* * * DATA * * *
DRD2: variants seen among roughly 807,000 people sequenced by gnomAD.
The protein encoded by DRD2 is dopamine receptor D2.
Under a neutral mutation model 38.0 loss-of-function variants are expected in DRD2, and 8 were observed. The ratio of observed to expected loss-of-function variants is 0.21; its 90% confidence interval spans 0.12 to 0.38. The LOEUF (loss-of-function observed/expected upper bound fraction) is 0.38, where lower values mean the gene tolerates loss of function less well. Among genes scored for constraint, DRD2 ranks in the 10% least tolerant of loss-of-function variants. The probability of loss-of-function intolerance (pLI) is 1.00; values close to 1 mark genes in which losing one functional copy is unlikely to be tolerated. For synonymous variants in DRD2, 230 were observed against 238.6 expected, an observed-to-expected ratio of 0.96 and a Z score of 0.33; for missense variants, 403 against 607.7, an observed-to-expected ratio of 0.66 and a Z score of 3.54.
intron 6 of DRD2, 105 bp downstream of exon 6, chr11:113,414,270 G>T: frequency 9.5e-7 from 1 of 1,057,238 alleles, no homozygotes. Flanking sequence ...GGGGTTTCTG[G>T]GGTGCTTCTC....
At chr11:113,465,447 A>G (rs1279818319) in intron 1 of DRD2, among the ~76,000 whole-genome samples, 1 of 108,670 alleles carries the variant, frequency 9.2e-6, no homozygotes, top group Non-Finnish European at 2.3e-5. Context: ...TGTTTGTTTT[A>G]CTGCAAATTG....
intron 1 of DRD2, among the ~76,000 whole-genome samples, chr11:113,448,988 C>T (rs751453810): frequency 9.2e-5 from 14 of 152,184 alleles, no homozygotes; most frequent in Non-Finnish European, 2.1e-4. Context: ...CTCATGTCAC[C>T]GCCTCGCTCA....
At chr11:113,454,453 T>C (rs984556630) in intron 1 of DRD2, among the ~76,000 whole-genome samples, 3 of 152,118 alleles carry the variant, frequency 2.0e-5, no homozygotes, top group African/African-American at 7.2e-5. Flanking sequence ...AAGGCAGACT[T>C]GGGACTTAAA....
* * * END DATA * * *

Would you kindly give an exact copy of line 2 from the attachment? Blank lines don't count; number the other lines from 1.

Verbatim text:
The protein encoded by DRD2 is dopamine receptor D2.